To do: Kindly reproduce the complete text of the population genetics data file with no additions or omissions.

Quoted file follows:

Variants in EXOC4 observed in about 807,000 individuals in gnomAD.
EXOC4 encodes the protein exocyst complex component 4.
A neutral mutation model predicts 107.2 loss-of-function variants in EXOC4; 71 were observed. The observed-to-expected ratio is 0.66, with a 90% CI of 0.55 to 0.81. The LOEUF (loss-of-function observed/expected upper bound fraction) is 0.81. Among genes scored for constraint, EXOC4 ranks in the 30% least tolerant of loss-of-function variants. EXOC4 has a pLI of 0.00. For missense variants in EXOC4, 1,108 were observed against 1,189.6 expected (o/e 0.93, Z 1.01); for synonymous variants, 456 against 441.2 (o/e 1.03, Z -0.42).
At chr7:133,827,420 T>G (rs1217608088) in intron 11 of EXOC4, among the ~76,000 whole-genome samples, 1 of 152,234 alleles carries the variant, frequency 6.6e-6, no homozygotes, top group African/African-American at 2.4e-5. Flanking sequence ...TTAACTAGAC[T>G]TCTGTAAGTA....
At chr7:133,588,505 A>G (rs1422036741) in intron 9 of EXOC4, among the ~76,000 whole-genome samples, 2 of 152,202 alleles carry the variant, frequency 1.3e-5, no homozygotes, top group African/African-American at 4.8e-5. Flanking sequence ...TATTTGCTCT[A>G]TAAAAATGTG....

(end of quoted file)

Variants in EXOC4 observed in about 807,000 individuals in gnomAD.
EXOC4 encodes the protein exocyst complex component 4.
A neutral mutation model predicts 107.2 loss-of-function variants in EXOC4; 71 were observed. The observed-to-expected ratio is 0.66, with a 90% CI of 0.55 to 0.81. The LOEUF (loss-of-function observed/expected upper bound fraction) is 0.81. Among genes scored for constraint, EXOC4 ranks in the 30% least tolerant of loss-of-function variants. EXOC4 has a pLI of 0.00. For missense variants in EXOC4, 1,108 were observed against 1,189.6 expected (o/e 0.93, Z 1.01); for synonymous variants, 456 against 441.2 (o/e 1.03, Z -0.42).
At chr7:133,827,420 T>G (rs1217608088) in intron 11 of EXOC4, among the ~76,000 whole-genome samples, 1 of 152,234 alleles carries the variant, frequency 6.6e-6, no homozygotes, top group African/African-American at 2.4e-5. Flanking sequence ...TTAACTAGAC[T>G]TCTGTAAGTA....
At chr7:133,588,505 A>G (rs1422036741) in intron 9 of EXOC4, among the ~76,000 whole-genome samples, 2 of 152,202 alleles carry the variant, frequency 1.3e-5, no homozygotes, top group African/African-American at 4.8e-5. Flanking sequence ...TATTTGCTCT[A>G]TAAAAATGTG....